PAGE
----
My friend at Craving a Little Perspective (CLP) has taught me so much about the subject of synesthesia. Recently, I posted about my son’s colorful meltdowns. Color is very big at our house. I simply do not have any personal experience with why colors have triggered meltdowns or what thought process could be behind it all. After thinking about it, Miss CLP gave me a link. The more that I read about it, the more I am becoming convinced that my son has some form of this very unusual neurological condition. The colorful meltdowns are starting to make sense.
My friend at CLP directed me to Daniel Tammet. Daniel is one of those rare persons known as a high functioning autistic savant. Perhaps you have heard of him. There was a documentary about him called ‘Brainman’ (titled ‘The Boy With The Incredible Brain’ in the UK). It was filmed in 2004 and, in part, shows Daniel reciting the famous mathematical constant Pi from memory to 22,514 digits! Can you imagine? He also came to California and was studied by brain scientists because, unlike many savants, he can explain his thought processes.
Daniel learns differently from the rest of us and it has served him well. Here and below is the link to a talk he gave, and the way he learns, given to me by my friend at CLP:
From his talk, I focused on these couple of quotes:
“I explore the nature of perception and how different kinds of perceiving create different kind of knowing and understanding.”
“My worlds of words and numbers blur with color, emotion and personality. As Juan said, it’s the condition that scientists call synesthesia, an unusual cross-talk between the senses. Here are the numbers one to 12 as I see them — every number with its own shape and character. One is a flash of white light. Six is a tiny and very sad black hole. The sketches are in black and white here, but in my mind they have colors. Three is green. Four is blue. Five is yellow.”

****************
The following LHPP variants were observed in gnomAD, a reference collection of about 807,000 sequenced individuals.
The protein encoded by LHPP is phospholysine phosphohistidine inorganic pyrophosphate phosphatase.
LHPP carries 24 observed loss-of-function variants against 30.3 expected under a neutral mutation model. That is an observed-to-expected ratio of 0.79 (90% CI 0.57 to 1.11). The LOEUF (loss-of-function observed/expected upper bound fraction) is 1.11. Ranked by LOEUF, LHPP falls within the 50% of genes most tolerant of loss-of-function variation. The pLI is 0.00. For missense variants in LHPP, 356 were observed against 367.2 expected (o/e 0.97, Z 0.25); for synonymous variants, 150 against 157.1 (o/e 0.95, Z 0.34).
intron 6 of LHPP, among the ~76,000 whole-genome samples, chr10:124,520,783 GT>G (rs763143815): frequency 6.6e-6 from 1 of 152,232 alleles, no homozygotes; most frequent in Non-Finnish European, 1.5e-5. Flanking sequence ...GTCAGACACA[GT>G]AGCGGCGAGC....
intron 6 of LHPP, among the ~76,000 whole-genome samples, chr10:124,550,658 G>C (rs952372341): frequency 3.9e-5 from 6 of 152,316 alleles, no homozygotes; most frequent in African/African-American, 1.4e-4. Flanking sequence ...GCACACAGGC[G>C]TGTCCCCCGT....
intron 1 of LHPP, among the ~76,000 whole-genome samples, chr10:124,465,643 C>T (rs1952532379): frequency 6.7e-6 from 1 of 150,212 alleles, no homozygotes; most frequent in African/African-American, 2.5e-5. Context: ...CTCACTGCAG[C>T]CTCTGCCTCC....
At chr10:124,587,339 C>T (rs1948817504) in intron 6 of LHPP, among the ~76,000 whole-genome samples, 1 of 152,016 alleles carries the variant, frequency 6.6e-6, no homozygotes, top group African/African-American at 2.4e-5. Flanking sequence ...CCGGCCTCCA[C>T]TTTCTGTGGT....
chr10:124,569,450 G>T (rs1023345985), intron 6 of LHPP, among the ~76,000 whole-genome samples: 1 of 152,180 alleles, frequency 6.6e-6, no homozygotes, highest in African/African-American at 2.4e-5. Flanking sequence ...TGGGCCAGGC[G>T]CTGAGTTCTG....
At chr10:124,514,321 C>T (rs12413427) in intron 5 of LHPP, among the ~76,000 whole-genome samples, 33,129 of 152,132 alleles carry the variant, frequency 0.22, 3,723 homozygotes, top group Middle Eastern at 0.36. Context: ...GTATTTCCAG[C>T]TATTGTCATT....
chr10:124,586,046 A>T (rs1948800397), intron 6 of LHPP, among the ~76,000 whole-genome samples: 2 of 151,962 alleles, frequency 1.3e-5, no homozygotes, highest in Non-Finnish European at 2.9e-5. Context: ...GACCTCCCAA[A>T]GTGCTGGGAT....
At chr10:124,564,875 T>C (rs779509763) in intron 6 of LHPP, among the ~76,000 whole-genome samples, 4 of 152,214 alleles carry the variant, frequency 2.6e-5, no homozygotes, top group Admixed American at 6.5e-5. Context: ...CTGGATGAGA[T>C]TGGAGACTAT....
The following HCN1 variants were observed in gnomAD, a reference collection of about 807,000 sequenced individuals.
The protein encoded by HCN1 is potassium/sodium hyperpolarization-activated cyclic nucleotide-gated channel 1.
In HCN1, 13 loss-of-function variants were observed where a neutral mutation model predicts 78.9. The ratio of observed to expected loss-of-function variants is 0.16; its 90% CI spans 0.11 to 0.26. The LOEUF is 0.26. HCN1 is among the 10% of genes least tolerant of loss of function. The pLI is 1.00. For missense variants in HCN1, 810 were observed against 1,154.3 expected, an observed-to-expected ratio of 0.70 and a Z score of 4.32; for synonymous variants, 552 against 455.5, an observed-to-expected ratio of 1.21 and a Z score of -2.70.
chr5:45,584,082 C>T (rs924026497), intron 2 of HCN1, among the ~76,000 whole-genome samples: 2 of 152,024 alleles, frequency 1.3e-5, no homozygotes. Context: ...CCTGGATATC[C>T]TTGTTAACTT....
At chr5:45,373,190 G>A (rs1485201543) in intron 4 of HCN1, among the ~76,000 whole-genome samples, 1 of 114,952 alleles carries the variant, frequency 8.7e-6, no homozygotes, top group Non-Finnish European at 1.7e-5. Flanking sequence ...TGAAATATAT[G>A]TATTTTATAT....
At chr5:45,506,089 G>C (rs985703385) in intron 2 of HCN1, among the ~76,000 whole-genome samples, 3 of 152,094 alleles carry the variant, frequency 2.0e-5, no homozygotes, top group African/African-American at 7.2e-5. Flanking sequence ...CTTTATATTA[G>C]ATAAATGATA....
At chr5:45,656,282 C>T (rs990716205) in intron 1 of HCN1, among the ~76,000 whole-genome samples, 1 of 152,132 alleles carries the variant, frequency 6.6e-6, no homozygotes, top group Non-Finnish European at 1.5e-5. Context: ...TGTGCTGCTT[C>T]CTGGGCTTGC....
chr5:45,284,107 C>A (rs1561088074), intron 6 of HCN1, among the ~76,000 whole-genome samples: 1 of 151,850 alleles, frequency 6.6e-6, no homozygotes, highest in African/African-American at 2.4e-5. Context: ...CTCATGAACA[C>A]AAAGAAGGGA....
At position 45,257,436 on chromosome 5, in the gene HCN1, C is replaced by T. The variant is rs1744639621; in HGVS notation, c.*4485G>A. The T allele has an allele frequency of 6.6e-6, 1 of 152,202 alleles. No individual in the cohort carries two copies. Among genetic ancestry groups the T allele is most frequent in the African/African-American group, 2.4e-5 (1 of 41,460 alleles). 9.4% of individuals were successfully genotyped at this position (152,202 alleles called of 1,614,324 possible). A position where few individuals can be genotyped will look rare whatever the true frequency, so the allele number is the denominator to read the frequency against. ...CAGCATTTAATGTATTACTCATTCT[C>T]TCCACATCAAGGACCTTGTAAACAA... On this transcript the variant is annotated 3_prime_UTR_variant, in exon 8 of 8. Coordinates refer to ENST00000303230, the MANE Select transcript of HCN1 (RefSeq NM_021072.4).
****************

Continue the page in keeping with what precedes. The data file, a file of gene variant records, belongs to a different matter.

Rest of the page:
Out of curiosity, I made a game of it for my son. I asked him what color each number from 1-10 was. He was happy and excited. Quickly and clearly told me the colors for 1-5 and 9-10. He says that 6 and 7 are black and gray and eight varies from orange to red to black. Because of the discrepancies when he discusses the numbers 6-8, I have not included them. I checked his consistency with the colors of these numbers throughout the night – he was completely consistent.
one = purple
three = turquoise
four = blue
five = green
nine = red
ten = pink
Happy is red. Sad is blue. Even emotions have color.
Another website discussing synesthesia said this:
“It’s like trying to describe color to someone who doesn’t see color,” says Thomas J. Palmieri, a Vanderbilt University psychologist and lead author of a study on WO that appears the March 19 issue of the Proceedings of the National Academy of Sciences.
The condition, which is genetically transmitted, seems especially prevalent among highly talented and gifted persons. The Russian composer Alexander Scriabin, who saw sounds as colors, even composed a symphony in 1910 that featured a colored light exhibit that he, no doubt, could see even without the lights. Other synesthetes, as they call themselves, include the poets Baudelaire and Rimbaud, painters Kandinsky and Klee, and the noted physicist Richard Feynman.
No one knows just how many people have the condition. Estimates range from one person out of every 300, to one out of every few thousand. The number is vague for obvious reasons. Some people learned early on not to talk about it out of fear of being regarded as odd. And those who have it tend to like it, so they don’t feel a need to seek out medical help.”
[Quote from: Vision and Autism]
I am not saying my son is a savant. I seriously doubt that. Most savants manifest their gifts by age 6. We don’t see that coming. However, this does show that my son is learning in a way that is completely different from the way in which I learned. This method of learning may make math problems easier.
It may also explain the reason he asks me what color everything is. He knows the color he sees. I’m starting to believe that is not the color he “sees” even though he knows it is the color that is there.
He will show me a blue car and ask what color it is. When I say blue, he shouts out “red”! like he is arguing the point. If he is seeing blue but “seeing” red, this would explain his strong desire to disagree. Until his communication skills improve, I will not know for sure.
Meanwhile, instead of discouraging him or finding he is a rebel without a cause reciting colors different than what is there, I will be patient and watch him in a different way while we sort our way through a possibility of synesthesia.
Thanks to my dear bloggy friend at Craving a Little Perspective. You have given me great insight into possibilities with my son with just a couple clicks and a lot of warm-hearted thought.